Local lawmakers propose state’s biggest businesses to publicly report their carbon emissions

California Connection

SACRAMENTO, Calif. (KTXL) — State Sen. Scott Wiener, D-San Francisco, unveiled a proposal to require California’s biggest businesses to publicly report their carbon emissions.

“We’re in a race against the clock against the clock when it comes to climate change,” he said.

The bill, SB 260, would require publicly-traded and privately-held domestic corporations making making than $1 billion a year to report emissions from power and electricity use, along with energy used on non-core functions, such as supply chains and employee commutes.

It would also require these companies to set targets to lower their emissions.

“Frankly, many of these companies internally already track their emissions, so just to be clear, we’re talking about multi-billion dollar companies that have detailed reporting on their financials,” explained Michael Schmitz, co-director of Carbon Accountable.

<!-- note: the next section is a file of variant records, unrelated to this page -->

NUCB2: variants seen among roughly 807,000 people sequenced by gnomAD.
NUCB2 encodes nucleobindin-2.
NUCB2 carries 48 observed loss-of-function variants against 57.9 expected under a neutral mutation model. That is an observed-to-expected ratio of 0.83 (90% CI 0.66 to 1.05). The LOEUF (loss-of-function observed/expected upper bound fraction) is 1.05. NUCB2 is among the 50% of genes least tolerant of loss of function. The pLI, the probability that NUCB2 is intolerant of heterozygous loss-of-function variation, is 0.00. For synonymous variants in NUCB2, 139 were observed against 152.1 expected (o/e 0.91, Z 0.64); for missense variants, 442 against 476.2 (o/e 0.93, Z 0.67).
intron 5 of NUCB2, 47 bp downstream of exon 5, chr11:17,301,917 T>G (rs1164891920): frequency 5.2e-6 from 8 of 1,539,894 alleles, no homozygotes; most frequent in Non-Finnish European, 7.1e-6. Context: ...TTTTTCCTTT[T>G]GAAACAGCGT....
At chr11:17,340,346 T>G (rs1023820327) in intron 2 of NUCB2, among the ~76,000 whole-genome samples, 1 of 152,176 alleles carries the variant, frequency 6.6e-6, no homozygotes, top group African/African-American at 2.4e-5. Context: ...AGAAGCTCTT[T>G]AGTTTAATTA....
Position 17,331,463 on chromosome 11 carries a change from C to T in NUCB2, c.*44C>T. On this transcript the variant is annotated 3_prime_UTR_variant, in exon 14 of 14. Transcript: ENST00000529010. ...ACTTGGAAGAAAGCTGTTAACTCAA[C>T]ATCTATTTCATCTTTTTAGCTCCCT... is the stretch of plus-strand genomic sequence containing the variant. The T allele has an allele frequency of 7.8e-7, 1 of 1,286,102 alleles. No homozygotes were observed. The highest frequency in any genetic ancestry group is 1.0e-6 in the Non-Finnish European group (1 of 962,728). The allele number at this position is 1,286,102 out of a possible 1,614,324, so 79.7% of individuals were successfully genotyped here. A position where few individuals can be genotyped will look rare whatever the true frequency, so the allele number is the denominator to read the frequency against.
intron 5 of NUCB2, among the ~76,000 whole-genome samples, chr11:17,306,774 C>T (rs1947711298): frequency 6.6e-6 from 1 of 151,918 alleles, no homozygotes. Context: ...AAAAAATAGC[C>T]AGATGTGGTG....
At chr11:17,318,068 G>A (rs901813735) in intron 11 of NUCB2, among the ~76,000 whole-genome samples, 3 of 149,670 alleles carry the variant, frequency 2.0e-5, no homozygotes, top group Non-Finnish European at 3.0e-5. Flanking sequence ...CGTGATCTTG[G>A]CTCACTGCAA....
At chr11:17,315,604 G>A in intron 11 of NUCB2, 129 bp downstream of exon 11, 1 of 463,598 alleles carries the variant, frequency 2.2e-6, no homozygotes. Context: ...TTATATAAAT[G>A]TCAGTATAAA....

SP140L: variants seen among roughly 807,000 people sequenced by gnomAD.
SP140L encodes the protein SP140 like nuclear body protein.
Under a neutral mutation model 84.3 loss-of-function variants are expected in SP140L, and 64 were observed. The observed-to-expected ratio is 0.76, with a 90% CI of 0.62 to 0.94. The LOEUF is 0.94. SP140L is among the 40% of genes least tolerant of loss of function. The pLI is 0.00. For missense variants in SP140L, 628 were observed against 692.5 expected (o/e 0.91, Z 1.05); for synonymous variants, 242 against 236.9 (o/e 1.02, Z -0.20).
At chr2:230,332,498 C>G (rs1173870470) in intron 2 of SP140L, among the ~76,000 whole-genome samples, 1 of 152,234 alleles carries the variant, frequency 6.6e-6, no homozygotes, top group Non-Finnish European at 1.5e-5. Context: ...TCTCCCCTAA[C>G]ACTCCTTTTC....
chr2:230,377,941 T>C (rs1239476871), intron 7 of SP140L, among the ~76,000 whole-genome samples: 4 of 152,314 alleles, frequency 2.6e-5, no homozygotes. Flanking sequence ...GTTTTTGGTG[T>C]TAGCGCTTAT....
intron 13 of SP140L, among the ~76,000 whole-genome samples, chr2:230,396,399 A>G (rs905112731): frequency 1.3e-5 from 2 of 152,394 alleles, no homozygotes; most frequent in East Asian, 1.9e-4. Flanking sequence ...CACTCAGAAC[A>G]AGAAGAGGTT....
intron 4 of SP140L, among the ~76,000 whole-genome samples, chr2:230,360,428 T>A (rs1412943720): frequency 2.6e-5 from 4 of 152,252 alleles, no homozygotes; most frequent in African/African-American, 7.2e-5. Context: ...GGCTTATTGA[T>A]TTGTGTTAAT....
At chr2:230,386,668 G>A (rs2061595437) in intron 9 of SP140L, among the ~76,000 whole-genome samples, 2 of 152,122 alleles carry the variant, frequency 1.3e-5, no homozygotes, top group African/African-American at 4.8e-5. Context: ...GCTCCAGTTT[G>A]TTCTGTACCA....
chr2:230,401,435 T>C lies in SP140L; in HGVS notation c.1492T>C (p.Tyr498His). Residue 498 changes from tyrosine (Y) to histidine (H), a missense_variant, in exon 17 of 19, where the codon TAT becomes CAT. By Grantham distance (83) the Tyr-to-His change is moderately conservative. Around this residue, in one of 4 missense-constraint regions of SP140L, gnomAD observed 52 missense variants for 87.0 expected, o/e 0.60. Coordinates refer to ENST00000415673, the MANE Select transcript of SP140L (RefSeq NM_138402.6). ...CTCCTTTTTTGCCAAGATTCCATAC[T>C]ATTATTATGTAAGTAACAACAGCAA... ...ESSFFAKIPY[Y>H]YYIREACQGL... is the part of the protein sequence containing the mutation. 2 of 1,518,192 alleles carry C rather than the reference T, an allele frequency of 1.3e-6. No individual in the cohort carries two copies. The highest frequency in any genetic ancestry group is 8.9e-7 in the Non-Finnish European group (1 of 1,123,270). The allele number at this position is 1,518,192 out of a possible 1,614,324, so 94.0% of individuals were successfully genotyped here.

Lawmakers estimate about 5,000 companies would be required to provide this information, including companies like Walmart, Amazon and Google.

If passed, companies would need to start requiring the information by 2024 and setting the target emission goals by 2025.

The proposal would also be the first of its kind in the country.

Lawmakers said they anticipate pushback from some in the business community, who might argue this would add another regulatory hurdle.

“I don’t view this as an unreasonable ask to not have catastrophic climate impacts. We’re seeing this in the businesses world. There are more and more companies moving in this direction — not quickly enough and not doing enough — so we need to set up a structure here,” Wiener said.

The proposal now waits to be assigned to a committee at the state capital. No hearing is scheduled on this yet.

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